Waiting too long could also affect people’s ability to sign up for other coverage. When people lose job-based coverage, it triggers a special enrollment period that allows them to sign up for new coverage on their state health insurance marketplace for up to 60 days afterward.
“You could miss your opportunity to enroll in the exchange” created under the Affordable Care Act, said Katy Johnson, senior counsel for health policy at the American Benefits Council, an employer advocacy group.
Don’t Count on the Boss to Clue You In
Employers are not mandated to tell people promptly about their eligibility for COBRA. The same federal rule that gives workers more time to sign up for COBRA also pushes back the notification requirements for employers.
“Once an employer lays you off, they don’t have to notify you that you’re eligible for COBRA until after the emergency period,” said Karen Pollitz, a senior fellow at KFF, the Kaiser Family Foundation. (KHN is an editorially independent program of the foundation.)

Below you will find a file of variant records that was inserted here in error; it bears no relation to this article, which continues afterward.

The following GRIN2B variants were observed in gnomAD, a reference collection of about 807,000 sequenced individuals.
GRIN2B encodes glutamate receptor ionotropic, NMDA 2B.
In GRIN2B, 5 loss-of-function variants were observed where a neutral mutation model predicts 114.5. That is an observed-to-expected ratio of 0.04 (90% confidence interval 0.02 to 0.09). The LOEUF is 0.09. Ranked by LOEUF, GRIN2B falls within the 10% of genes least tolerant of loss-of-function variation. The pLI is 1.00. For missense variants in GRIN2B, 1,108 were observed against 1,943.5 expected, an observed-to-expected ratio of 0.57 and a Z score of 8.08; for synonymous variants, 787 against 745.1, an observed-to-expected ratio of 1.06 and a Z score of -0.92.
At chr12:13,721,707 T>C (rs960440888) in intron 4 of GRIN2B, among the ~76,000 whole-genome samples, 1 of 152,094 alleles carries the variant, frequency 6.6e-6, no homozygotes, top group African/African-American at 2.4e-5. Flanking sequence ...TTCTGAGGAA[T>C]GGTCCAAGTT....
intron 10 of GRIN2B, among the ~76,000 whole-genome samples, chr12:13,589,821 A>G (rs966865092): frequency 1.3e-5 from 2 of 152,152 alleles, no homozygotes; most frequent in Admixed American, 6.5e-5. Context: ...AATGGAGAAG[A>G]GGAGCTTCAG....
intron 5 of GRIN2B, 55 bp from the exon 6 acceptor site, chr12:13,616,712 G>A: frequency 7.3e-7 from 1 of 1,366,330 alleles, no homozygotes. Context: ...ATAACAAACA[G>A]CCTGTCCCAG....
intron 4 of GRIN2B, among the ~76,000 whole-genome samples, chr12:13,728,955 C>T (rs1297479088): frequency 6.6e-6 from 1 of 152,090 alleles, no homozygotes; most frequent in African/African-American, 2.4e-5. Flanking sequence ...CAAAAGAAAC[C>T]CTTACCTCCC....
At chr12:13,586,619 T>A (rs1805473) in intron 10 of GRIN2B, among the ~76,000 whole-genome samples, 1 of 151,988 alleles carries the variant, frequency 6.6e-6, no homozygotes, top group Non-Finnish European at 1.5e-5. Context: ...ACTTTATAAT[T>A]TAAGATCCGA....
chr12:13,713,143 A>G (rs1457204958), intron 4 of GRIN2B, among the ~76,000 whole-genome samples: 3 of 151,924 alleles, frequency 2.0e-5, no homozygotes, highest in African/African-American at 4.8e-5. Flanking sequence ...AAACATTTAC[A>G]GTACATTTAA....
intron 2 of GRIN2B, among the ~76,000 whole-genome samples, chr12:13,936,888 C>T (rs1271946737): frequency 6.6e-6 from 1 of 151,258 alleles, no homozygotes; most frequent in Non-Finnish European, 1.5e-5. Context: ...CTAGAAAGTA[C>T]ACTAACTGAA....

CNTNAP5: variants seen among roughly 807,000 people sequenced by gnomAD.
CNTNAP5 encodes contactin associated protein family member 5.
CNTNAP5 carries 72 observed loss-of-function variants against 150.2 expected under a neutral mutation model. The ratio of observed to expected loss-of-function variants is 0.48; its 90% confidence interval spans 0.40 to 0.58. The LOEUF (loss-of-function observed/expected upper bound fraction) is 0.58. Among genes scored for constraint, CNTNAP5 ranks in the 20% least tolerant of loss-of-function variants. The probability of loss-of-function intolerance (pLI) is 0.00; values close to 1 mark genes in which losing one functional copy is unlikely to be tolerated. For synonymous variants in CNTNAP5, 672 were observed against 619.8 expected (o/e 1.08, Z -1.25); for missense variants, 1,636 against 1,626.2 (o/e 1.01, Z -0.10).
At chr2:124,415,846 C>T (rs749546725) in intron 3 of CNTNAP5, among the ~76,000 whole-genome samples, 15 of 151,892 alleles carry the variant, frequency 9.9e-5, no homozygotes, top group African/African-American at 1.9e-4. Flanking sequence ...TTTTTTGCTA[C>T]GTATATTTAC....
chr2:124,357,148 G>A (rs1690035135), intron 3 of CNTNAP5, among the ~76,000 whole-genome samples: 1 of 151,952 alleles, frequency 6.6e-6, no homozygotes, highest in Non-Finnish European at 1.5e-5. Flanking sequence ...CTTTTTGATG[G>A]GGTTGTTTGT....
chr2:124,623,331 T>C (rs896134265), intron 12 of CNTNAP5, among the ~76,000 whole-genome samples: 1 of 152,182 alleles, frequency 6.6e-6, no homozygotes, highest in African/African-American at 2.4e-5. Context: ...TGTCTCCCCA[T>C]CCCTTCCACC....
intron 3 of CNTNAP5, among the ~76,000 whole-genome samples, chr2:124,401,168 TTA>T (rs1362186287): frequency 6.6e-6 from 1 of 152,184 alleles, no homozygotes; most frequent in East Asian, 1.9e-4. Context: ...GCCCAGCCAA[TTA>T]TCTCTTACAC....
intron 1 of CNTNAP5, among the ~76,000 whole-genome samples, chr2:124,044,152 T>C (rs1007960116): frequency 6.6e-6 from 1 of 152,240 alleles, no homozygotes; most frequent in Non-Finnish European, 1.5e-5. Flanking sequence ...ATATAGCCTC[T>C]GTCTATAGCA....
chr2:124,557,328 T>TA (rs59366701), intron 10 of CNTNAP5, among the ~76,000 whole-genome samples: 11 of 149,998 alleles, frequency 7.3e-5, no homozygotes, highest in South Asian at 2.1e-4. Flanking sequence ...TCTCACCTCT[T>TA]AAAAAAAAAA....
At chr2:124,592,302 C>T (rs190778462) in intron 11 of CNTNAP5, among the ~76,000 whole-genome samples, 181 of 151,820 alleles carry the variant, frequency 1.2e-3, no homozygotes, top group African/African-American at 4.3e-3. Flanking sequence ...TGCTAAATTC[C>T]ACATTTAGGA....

For many employers, especially large ones that outsource their benefits administration, notifications are routine and are continuing despite the federal change, said Alan Silver, a senior director at benefits consultant Willis Towers Watson. However, for smaller companies with fewer than 200 workers, getting the information out might be an issue, Silver said.
Costs Can Be Jaw-Dropping
Opting for COBRA is expensive because workers have to pay both their portion of the premium and their employer’s share, plus a 2% administrative fee. A 48-year-old paid $599 a month on average for individual COBRA coverage last year, according to a KFF analysis.